When George’s opened in Worsley a couple of years ago, we were rather critical (read the review here). We felt it failed to exceed any suburban expectations despite its city centre price bracket. It lacked teamwork.
They took it on the chin, though. I bumped into co-owner Ryan Giggs at Manchester Airport a few months after the review. Wearing a cap and pulling a carry-on case, he patted me on the back and said ‘thanks for the honest review, mate’. A true champion.
In case you’re not familiar, Worsley is a small woody enclave between Eccles and Boothstown which you can easily miss in a sneeze. An affluent and picturesque little village with evergreen patches, a church and an orange water canal (yes, orange water), it’s known as Salford with trees. But it’s not exactly known as a bastion of fine dining. As a local sprout, I should know.
Named after a local Victorian architect, George’s is where a traditional build belies a very modern guesthouse and an equally modern British menu.
It’s set over two floors with a 14 seater private dining room (which can also be used for canape and cocktail events for up to 60 guests) and a first floor terrace for the rare Salford sunshine.
Front of house and service made for a good start. We arrived a bit early but were greeted by a smiling reception. Rob, a friendly chap, was happy to prepare our table right away. A dramatic change of tactic from the tepid welcome we received a few years ago. So, first things first, we grabbed a cold one at the bar. Pint of Mahou – cold, light and crisp.
As it was Sunday we sat down with only one thing on our minds – a roast. It’s not the law but it should be. We opted for the three courses for £20.95 menu (2 courses £16.95). We were hung over and what we call ‘hangry’ so, after blundering over the options, we ordered pretty assertively, like a football manager signalling on the touchline when his team is behind.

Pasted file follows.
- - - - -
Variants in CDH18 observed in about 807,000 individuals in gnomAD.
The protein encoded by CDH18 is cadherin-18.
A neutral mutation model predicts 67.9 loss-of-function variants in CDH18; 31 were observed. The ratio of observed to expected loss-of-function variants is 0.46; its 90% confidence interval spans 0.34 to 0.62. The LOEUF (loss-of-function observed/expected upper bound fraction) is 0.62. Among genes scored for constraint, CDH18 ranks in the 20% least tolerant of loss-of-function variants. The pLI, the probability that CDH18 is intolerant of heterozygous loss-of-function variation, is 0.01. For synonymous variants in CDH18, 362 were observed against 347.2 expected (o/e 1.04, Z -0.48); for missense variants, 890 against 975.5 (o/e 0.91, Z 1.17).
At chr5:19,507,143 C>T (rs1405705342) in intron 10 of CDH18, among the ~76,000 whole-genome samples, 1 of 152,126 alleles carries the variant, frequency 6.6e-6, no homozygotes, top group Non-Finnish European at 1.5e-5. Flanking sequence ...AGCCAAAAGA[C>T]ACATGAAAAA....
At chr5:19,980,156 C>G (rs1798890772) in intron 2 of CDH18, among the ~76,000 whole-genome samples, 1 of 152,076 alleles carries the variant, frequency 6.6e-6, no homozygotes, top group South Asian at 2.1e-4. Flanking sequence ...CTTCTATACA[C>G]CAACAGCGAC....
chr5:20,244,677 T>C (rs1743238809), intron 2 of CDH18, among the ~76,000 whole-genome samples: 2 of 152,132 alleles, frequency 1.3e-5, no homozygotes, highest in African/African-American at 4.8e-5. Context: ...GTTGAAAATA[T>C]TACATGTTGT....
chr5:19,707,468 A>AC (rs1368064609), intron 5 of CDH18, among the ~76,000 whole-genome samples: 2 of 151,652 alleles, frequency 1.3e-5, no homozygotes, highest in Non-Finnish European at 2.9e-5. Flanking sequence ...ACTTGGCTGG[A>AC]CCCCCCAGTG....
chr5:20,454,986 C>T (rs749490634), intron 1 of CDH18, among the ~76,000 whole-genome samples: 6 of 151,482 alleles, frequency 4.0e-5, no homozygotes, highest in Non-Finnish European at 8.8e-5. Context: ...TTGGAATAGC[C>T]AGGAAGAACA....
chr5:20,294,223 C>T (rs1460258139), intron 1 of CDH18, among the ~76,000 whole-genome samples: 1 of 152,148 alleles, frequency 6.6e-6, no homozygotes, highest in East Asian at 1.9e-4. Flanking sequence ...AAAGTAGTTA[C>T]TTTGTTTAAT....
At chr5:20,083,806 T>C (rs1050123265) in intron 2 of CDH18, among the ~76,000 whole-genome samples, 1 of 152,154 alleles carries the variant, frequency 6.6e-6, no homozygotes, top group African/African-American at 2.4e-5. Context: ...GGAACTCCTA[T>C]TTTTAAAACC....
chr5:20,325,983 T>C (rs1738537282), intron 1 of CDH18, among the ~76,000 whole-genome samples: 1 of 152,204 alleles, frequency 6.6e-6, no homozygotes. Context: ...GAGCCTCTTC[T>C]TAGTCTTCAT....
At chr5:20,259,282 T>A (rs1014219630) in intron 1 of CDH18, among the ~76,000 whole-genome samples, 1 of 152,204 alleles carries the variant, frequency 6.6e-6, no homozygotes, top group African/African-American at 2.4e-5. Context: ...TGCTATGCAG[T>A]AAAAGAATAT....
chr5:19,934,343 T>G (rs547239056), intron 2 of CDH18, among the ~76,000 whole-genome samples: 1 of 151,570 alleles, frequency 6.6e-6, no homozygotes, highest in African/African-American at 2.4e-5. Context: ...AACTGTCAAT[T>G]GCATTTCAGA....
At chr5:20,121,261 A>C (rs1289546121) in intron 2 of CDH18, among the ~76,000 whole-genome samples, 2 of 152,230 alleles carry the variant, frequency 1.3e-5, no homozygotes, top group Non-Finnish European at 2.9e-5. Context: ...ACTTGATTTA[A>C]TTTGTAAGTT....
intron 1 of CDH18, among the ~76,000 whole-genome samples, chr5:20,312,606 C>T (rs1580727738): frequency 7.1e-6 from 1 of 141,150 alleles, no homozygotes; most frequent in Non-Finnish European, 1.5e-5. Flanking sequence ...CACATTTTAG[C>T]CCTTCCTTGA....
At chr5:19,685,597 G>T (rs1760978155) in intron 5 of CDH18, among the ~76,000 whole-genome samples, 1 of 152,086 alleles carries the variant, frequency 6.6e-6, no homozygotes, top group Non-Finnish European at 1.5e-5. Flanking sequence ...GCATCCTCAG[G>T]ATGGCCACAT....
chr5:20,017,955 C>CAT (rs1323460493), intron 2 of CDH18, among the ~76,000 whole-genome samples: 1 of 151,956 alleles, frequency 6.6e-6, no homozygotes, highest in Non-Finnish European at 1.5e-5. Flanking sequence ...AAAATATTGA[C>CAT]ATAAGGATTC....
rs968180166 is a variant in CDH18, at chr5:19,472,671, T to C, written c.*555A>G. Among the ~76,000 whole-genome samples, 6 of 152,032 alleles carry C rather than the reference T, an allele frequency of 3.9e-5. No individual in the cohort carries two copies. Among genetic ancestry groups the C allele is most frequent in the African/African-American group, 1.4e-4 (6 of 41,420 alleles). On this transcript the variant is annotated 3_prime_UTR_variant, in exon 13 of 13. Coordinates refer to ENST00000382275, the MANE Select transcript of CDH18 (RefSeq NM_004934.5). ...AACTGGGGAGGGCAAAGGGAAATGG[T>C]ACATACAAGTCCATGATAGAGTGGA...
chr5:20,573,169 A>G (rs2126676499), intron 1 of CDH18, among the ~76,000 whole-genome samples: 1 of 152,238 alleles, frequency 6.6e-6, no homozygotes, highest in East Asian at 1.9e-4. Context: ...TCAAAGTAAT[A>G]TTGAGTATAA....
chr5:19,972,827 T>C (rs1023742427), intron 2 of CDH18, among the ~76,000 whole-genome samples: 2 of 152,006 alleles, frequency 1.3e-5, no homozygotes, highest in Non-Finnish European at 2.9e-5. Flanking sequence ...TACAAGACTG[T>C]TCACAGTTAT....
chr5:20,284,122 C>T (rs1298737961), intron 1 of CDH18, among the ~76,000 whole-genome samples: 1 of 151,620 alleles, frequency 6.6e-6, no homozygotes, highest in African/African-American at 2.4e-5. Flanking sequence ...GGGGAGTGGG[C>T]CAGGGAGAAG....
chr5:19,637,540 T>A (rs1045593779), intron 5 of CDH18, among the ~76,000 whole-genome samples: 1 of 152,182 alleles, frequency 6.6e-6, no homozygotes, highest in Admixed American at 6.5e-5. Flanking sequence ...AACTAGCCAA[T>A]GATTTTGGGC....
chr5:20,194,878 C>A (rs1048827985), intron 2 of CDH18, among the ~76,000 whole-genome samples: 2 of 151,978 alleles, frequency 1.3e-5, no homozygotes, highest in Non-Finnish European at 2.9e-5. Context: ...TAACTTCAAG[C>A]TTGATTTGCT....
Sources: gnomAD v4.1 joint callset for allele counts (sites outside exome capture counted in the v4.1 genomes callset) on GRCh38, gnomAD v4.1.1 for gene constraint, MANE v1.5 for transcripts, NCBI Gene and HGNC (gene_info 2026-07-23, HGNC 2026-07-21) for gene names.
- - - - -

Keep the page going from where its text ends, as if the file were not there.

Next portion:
Felicity was all smiles as she took our order and made her recommendations. Genuine and accommodating.
Soup of the day was carrot and coriander served with an onion bhaji. An unusual but unbelievably tasty concoction. Almost like an accidental masterpiece.
Smoked Haddock Scotch Egg with Chunky Tartare Sauce (£9.25) was another interesting little dish to start, the pickled gherkin garnish providing a crunchy contrast to the haddock and soft not-so-scotch egg.
The Smoked Salmon Roulade (£5.95) was a light, fluffy, smooth roulade wrapped in a succulent piece of smoked salmon and accompanied by delicious slices of toasted brioche. Another sign of a chef who likes to play with textures and factious flavours. Decent first half.
The second half began with the star of the show. Trenendously tender roast beef cooked pink (well done is a sacrilege) served on a bed of creamy mash potato, a trunk of sweet potato, sensational minty sautéed peas, roast potatoes – which I’m afraid lacked a bit of flavour/seasoning – crispy Yorkshire pudding and thin (as oppose to perfect) gravy.
Staff were extremely attentive. Even in our blithering indecisive hungover state, they were patient and friendly.
The restaurant has definitely improved. There’s certainly still room for improvement in the kitchen but it’s perhaps a bit more experimental and colourful – without being too try-hard – and there’s so much of the menu left to explore.
The most noticeable improvement is in the service. We were left swooning. Time to go home for that Sunday afternoon snooze on the couch. Nice.
17-21 Barton Rd, Worsley, Manchester M28 2PD